J.R.R. Tolkien

Heil, Hobbit!: Giorgia Meloni and the Politicization of JRR Tolkien

In post-war Italy, the fantasy epics of JRR Tolkien became required reading for the post-fascist right; but does that really mean Hobbits were all Hitlerites?

Ambiguity and Violence:  A Christian Perspective

There is a fundamental ambiguity in the ability of humans to both good and evil

Brad Birzer’s Christian Humanism for the Modern World

Review of Hillsdale professor Brad Birzer’s book on Christian humanism

Star Wars, Tolkien, and Religion: Belief Matters

Tolkien and Lucas have tales of myth, but they have been so popular because their themes resonate so clearly with real life.

The Crisis of the University

We need to become outposts of intellectual seriousness and Christian virtue and moral sanity that expose the darkness of our generation.

G.K. Chesterton’s Lessons for Patriotism and the Olympics
G.K. Chesterton’s Lessons for Patriotism and the Olympics

The world is watching as Beijing hosts the XXIV Winter Olympiad. There is something about the Olympics that elicits national pride. But is sport a form of patriotic action?

An American Airman in Oxford: Reflections on D-Day, Major John Howard, and the US-UK Alliance
An American Airman in Oxford: Reflections on D-Day, Major John Howard, and the US-UK Alliance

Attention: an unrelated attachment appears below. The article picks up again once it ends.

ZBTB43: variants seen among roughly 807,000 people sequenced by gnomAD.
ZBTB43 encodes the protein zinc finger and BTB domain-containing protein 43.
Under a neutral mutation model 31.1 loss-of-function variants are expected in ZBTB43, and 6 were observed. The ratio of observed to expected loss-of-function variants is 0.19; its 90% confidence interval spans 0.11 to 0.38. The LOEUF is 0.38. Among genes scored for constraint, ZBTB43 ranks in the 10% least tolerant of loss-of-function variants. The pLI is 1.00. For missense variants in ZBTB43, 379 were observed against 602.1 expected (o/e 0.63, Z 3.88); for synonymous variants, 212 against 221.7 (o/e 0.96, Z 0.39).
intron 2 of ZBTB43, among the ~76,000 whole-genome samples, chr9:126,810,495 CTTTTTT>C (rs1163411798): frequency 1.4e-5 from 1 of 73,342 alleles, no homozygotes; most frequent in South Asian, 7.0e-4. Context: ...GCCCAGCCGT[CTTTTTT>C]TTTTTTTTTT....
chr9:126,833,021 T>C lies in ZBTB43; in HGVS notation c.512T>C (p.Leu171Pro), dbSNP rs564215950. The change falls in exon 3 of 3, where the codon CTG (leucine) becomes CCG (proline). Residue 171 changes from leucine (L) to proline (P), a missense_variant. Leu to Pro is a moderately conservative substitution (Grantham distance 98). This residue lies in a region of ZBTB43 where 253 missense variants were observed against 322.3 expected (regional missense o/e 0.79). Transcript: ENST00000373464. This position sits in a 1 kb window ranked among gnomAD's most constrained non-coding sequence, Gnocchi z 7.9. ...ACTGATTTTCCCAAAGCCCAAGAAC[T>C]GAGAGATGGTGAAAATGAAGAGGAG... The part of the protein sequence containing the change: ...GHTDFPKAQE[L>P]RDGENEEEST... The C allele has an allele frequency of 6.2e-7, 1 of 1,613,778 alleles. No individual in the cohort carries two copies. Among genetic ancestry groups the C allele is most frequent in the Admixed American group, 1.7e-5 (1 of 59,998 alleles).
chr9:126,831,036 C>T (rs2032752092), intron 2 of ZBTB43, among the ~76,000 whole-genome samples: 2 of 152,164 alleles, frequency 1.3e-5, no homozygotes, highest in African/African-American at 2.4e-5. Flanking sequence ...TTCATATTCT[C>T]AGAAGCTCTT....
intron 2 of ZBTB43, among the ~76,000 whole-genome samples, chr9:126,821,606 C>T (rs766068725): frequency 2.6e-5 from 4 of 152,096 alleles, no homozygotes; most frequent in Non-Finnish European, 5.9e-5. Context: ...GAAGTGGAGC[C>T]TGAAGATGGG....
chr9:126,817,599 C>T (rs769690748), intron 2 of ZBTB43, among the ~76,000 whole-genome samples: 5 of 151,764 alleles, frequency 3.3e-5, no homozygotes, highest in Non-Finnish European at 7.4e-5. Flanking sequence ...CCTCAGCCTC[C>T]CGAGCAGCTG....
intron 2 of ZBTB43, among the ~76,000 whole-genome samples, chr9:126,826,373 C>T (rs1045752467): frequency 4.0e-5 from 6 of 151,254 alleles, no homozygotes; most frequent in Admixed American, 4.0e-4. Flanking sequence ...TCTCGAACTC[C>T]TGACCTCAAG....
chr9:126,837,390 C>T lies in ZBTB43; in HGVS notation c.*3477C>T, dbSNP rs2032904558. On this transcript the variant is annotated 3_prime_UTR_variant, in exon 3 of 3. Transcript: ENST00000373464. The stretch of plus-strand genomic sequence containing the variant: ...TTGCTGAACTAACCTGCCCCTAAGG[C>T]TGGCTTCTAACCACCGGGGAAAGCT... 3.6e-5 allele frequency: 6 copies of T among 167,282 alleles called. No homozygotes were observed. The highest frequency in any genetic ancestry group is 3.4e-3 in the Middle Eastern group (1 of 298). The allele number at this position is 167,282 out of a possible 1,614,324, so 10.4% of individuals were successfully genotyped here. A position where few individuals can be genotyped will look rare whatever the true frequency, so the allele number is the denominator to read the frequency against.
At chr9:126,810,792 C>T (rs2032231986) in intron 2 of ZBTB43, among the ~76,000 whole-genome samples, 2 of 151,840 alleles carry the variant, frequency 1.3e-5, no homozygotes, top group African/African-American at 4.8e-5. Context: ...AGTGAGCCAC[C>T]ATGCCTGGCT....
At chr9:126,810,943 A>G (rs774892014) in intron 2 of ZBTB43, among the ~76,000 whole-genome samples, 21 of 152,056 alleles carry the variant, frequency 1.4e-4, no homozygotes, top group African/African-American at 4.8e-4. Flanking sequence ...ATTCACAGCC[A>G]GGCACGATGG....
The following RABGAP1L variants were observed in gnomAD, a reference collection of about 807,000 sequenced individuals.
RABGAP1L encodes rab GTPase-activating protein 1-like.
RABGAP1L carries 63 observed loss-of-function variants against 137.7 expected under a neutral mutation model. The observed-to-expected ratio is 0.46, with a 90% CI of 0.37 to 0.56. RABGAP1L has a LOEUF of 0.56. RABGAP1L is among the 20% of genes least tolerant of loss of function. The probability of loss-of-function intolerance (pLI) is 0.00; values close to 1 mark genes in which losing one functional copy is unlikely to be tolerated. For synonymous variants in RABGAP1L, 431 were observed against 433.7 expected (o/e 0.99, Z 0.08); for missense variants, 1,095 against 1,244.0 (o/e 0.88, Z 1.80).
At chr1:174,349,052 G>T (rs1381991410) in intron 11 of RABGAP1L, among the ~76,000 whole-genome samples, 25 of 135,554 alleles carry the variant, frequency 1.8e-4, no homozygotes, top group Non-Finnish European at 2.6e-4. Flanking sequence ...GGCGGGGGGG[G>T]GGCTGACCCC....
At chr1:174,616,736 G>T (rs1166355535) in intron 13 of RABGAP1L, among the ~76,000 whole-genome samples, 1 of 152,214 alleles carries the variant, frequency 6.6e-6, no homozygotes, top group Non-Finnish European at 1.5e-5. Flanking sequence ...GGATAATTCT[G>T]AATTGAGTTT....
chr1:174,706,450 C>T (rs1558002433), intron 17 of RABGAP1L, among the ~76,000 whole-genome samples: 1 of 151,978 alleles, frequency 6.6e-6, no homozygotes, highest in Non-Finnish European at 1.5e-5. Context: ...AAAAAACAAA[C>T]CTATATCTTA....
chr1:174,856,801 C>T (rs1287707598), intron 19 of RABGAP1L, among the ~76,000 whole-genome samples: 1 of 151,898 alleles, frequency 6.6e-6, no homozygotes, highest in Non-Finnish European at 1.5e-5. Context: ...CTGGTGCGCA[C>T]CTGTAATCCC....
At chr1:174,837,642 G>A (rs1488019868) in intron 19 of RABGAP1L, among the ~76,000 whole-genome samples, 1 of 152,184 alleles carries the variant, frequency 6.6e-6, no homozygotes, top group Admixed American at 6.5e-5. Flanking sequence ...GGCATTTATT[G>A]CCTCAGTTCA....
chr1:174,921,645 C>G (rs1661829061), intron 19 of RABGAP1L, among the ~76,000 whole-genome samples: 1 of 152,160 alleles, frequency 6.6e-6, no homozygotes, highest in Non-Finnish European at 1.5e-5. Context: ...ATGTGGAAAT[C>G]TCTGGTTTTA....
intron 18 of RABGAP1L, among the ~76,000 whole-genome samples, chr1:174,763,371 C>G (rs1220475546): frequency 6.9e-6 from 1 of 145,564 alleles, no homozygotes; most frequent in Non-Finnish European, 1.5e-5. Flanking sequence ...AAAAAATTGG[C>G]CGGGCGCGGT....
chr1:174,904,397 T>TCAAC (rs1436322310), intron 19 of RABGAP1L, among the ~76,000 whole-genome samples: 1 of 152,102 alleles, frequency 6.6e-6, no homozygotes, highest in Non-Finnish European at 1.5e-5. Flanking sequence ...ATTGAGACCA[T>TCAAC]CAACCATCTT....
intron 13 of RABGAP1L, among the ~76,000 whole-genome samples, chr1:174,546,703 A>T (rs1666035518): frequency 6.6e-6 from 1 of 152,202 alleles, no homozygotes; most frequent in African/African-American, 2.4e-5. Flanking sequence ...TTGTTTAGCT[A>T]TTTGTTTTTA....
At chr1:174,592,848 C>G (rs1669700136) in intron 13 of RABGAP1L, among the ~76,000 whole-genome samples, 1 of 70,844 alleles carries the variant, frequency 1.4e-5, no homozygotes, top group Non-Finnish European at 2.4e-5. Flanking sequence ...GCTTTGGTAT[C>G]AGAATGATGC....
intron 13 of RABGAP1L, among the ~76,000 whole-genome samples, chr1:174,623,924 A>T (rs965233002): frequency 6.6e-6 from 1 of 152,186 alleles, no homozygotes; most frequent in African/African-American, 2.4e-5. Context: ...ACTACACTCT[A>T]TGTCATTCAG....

Veterans of the Oxfordshire and Buckinghamshire Light Infantry Regiment, more commonly known simply as the “Ox and Bucks,” hosted our small US military contingent. The locus for the day’s ceremony was the gravesite of Major John Howard, commander of D Company of the Ox and Bucks.

1919: Wilson, the Covenant, and the Improbable League
1919: Wilson, the Covenant, and the Improbable League

Perhaps an insight from the character of Elrond in J.R.R. Tolkien’s The Lord of the Rings, about the nature of our mortal lives, offers a measure of Christian realism in the face of Versailles: “And the Elves believed that evil was ended forever, and it was not so.”

From the Trenches to the Shire & Narnia: Review of Joseph Loconte’s A Hobbit, a Wardrobe, and a Great War
From the Trenches to Narnia: Review of Loconte’s A Hobbit, a Wardrobe, and a Great War

While Lewis and Tolkien’s faith and contributions are well-known, most do not realize they both fought in the First World War as young men. Even fewer recognize how their time in the western front’s trenches influenced their faith and later works. However, in A Hobbit, A Wardrobe, and a Great War, Providence senior editor Joseph Loconte explains in his typical, approachable prose how the war affected these two men deeply and how those experiences influenced their writings and faith.